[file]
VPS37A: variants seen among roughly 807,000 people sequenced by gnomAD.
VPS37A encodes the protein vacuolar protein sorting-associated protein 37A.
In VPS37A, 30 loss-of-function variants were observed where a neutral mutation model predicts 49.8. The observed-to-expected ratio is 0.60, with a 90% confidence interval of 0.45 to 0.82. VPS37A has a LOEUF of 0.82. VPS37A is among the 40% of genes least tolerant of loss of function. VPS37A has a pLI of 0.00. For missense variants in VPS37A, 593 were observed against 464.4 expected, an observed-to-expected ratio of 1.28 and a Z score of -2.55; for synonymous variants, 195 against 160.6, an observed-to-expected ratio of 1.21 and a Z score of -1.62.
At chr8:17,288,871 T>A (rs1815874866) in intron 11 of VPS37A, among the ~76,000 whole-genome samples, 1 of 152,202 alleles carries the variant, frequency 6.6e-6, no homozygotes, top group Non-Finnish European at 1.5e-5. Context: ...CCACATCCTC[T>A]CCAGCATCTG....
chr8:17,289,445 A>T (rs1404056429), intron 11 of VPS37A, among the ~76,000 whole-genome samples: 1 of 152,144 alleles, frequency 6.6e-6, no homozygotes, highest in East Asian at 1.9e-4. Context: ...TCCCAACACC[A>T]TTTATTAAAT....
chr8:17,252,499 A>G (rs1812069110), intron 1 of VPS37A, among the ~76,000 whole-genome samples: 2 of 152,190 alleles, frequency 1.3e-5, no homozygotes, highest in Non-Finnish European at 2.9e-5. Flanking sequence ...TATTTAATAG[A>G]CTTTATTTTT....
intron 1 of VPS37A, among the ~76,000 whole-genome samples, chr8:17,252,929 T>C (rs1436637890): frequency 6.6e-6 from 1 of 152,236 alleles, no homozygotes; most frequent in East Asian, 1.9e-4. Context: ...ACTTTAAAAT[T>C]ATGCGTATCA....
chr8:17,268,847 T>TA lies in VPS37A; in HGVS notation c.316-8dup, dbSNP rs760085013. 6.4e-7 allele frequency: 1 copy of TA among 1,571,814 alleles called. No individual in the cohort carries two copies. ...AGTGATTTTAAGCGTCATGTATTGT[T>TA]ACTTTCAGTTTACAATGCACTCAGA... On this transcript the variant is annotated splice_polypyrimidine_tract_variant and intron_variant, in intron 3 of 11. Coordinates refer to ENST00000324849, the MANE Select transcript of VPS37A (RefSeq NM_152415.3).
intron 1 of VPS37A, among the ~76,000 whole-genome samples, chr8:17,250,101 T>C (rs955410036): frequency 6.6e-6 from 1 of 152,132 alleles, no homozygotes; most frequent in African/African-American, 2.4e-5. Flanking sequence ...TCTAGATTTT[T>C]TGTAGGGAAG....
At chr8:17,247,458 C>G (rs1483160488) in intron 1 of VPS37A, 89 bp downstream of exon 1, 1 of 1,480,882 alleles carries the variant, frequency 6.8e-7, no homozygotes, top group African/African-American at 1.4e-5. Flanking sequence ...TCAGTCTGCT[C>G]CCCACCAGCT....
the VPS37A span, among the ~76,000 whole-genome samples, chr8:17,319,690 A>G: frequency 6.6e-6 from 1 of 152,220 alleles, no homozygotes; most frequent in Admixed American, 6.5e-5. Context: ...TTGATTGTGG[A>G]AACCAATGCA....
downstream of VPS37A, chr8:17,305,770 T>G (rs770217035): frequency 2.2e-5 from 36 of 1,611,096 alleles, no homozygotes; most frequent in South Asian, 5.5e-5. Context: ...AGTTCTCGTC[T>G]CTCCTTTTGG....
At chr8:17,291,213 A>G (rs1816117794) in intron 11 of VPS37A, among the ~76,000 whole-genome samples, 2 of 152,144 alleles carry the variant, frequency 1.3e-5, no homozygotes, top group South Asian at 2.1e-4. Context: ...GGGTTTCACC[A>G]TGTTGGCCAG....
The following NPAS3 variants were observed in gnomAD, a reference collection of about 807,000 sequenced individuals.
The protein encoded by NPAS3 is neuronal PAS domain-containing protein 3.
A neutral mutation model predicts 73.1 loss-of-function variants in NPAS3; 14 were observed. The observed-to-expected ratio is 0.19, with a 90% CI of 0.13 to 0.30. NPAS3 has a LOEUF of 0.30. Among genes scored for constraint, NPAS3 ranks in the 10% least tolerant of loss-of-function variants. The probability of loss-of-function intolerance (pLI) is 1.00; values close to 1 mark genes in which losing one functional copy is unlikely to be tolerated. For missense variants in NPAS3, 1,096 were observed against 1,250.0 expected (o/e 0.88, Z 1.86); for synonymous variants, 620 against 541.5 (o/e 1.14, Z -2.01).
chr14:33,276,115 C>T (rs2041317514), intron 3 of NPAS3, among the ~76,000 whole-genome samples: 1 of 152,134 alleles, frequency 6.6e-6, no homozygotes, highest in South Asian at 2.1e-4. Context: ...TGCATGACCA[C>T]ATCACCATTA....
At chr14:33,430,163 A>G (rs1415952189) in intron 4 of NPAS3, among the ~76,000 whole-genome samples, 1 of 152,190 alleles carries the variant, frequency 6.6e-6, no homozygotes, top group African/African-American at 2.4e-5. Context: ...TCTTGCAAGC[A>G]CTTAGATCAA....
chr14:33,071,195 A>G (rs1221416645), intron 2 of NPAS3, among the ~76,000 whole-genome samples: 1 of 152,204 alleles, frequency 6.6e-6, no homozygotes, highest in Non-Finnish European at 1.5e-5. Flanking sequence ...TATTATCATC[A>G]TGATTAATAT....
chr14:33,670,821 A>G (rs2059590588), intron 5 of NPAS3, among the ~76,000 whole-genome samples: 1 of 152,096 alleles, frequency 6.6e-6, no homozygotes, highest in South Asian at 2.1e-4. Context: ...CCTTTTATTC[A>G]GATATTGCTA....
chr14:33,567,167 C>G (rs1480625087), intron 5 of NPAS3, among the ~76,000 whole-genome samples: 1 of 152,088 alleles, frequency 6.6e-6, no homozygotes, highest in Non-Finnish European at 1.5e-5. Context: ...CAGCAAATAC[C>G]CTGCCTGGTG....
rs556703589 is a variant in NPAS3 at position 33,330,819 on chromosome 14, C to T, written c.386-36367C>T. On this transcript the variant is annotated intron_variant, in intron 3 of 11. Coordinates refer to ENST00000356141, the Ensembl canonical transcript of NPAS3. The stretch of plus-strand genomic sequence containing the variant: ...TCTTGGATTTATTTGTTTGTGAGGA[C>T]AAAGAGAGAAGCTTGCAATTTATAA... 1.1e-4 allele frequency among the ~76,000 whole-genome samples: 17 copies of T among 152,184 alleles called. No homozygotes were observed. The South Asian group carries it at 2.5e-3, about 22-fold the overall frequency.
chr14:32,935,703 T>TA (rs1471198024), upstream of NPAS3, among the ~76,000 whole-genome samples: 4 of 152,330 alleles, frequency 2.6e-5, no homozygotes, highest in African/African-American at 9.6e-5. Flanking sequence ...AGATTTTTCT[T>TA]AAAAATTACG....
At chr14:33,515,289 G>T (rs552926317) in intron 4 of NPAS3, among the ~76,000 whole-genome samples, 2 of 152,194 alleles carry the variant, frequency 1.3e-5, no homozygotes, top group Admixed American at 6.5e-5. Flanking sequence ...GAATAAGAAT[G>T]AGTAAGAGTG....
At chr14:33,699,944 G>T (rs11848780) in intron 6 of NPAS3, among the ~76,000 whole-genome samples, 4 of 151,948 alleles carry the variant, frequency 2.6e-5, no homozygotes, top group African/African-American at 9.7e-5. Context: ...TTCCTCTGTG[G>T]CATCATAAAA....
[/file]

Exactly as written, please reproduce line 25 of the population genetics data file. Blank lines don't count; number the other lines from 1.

At chr14:33,699,944 G>T (rs11848780) in intron 6 of NPAS3, among the ~76,000 whole-genome samples, 4 of 151,948 alleles carry the variant, frequency 2.6e-5, no homozygotes, top group African/African-American at 9.7e-5. Context: ...TTCCTCTGTG[G>T]CATCATAAAA....